For her crippled daughter’s comfort, mom created customised dolls.


Life is worthwhile because of diversity. others of us are born small, others tall, and some have disabilities. We can better comprehend ourselves and others by recognising more variation among people. In order to offer her daughter, who was born deaf, a buddy who shared this unique characteristic with her, Clare Tawell, a creative English mother, decided to create dolls with internal hearing aids similar to those used by her daughter.

Clare, the brainchild behind BrightEars, a brilliant project that provides toys and accessories made for kids with hearing, visual, and other difficulties, was the subject of a Now I’ve Seen Everything interview.

Clare started looking for a doll or toy to represent her daughter.
Tilly-like dolls were never available in stores or manufactured. Clare found this quite upsetting because not making toys for kids with disabilities meant essentially neglecting them.
She explained to us that because she didn’t fit the definition of «normal,» it seemed pointless to acknowledge her.

Clare was unable to just wait for someone else to enter the market with the toy she and her daughter, 4, required. She created her very first doll in this manner. «The edges were a touch frayed! But Tilly and this tiny doll both wore the same hearing aids. Tilly was completely in love with it when she first saw it, she recalled.
For their kids, more people requested dolls.

Moms of other young children asked her if she could manufacture one for them soon after her first doll was released. Clare, a radiation technologist by profession, agreed and started modifying dolls in her free time to sell to those families that shared her sentiments.
She and Tilly decorate her hearing aids with prints of unicorns or dinosaurs, hence the name of her internet store, «BrightEars.» Her equipment is specifically made to be eye-catching and colourful. I don’t want her to feel ashamed of or have to hide them because they are a part of who she is. She is openly deaf,» he continued.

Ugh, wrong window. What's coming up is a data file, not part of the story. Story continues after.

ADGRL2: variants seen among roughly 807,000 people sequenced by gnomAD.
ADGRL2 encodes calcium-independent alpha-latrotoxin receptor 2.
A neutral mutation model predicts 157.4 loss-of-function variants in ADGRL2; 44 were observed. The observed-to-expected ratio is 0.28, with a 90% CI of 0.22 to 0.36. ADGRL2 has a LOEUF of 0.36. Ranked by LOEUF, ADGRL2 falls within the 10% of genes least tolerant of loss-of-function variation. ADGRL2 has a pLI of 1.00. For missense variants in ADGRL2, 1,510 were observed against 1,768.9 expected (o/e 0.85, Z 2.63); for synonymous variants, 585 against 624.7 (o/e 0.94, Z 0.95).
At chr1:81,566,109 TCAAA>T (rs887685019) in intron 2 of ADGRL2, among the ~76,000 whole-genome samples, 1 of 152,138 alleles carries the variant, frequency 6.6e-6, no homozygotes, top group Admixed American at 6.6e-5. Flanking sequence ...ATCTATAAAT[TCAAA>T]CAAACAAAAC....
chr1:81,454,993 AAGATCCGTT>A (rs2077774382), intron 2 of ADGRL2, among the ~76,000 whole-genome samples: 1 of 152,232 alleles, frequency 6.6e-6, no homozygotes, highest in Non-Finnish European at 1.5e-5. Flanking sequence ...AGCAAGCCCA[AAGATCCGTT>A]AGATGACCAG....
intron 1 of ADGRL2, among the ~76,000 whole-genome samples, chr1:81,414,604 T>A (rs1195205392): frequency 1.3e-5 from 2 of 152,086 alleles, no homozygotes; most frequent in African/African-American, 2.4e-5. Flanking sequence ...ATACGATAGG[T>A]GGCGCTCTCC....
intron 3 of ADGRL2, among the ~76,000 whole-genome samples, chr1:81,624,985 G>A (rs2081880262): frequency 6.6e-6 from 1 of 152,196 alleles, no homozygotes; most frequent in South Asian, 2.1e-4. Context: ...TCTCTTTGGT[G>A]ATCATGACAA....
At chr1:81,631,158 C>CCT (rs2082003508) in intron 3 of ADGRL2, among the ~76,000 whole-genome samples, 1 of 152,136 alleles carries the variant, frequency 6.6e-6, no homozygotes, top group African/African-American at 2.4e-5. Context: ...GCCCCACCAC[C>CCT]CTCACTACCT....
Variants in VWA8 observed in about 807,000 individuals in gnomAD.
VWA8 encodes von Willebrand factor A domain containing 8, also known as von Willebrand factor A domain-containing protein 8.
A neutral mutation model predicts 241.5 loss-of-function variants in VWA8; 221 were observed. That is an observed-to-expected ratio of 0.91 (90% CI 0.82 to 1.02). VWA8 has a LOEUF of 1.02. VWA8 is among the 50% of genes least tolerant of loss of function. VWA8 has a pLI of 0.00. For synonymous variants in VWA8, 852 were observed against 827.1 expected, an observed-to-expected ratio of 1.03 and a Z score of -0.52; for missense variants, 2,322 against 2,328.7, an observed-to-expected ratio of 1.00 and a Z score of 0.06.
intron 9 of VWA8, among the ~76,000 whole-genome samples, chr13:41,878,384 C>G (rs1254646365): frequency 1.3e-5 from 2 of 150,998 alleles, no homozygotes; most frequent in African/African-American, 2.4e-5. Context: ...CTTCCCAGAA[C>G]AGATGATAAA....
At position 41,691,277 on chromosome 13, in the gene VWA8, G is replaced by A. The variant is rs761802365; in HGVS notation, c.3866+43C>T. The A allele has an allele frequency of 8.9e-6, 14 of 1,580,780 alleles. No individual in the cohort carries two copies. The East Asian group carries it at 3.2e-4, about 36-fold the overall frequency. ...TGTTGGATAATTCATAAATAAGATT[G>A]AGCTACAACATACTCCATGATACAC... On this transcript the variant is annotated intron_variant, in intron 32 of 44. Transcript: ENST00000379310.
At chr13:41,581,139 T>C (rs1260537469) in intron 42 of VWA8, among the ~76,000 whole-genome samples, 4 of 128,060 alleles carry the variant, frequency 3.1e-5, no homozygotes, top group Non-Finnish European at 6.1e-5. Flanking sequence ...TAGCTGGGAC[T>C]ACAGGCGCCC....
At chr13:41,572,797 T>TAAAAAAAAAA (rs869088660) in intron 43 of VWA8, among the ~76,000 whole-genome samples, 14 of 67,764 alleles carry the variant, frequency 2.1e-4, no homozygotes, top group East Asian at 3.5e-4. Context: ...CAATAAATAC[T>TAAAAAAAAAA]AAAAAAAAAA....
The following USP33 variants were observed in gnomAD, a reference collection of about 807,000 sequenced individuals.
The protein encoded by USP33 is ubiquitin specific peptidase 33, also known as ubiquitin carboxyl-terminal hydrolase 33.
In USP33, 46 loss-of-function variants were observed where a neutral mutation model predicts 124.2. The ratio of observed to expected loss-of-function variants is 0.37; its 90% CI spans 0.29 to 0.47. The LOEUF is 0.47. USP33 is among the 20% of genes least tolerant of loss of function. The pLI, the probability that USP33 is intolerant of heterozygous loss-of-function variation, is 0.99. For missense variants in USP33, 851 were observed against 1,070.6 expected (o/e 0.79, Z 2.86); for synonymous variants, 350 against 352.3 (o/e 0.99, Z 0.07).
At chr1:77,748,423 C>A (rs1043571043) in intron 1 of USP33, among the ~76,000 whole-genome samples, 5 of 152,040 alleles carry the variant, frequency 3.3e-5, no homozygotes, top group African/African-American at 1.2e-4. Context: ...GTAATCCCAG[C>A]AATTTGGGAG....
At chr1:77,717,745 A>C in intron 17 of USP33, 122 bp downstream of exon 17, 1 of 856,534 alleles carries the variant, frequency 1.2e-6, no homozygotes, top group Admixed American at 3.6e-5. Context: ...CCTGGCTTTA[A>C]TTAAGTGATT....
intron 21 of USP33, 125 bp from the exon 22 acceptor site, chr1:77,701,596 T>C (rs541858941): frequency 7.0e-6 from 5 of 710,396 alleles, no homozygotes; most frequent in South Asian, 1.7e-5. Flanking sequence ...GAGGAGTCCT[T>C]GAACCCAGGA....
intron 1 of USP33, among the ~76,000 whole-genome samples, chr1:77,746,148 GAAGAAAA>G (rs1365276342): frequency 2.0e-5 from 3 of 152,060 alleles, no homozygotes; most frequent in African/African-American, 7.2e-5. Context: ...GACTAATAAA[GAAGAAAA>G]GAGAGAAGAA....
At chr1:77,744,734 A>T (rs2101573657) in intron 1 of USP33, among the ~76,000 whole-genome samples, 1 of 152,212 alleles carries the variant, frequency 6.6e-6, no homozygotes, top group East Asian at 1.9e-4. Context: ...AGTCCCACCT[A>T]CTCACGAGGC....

Diversity must be valued in order to be visible.
Over time, Clare’s initiative and company expanded from selling a doll with braces to offering a variety of dolls that empower kids and encourage inclusion through play. She emphasises that because bullying frequently results from ignorance, it can only be stopped by educating oneself. «We have a right to be recognised and we are proud! We are not going to hide with our ‘differences’!»
Clare continues to conduct her business out of her dining room table. She has created roughly 3,000 dolls thus far.

Despite the fact that her business has expanded, she still has the same primary objective as when she first started it as a hobby: «To shout out loud that we are not going to hide with our «differences,» that we are here, we exist, and that we have a right to be recognised and proud of it!»

What additional dolls do you think Clare should make? What potential benefits do you see for young children with disabilities from these kind of initiatives?

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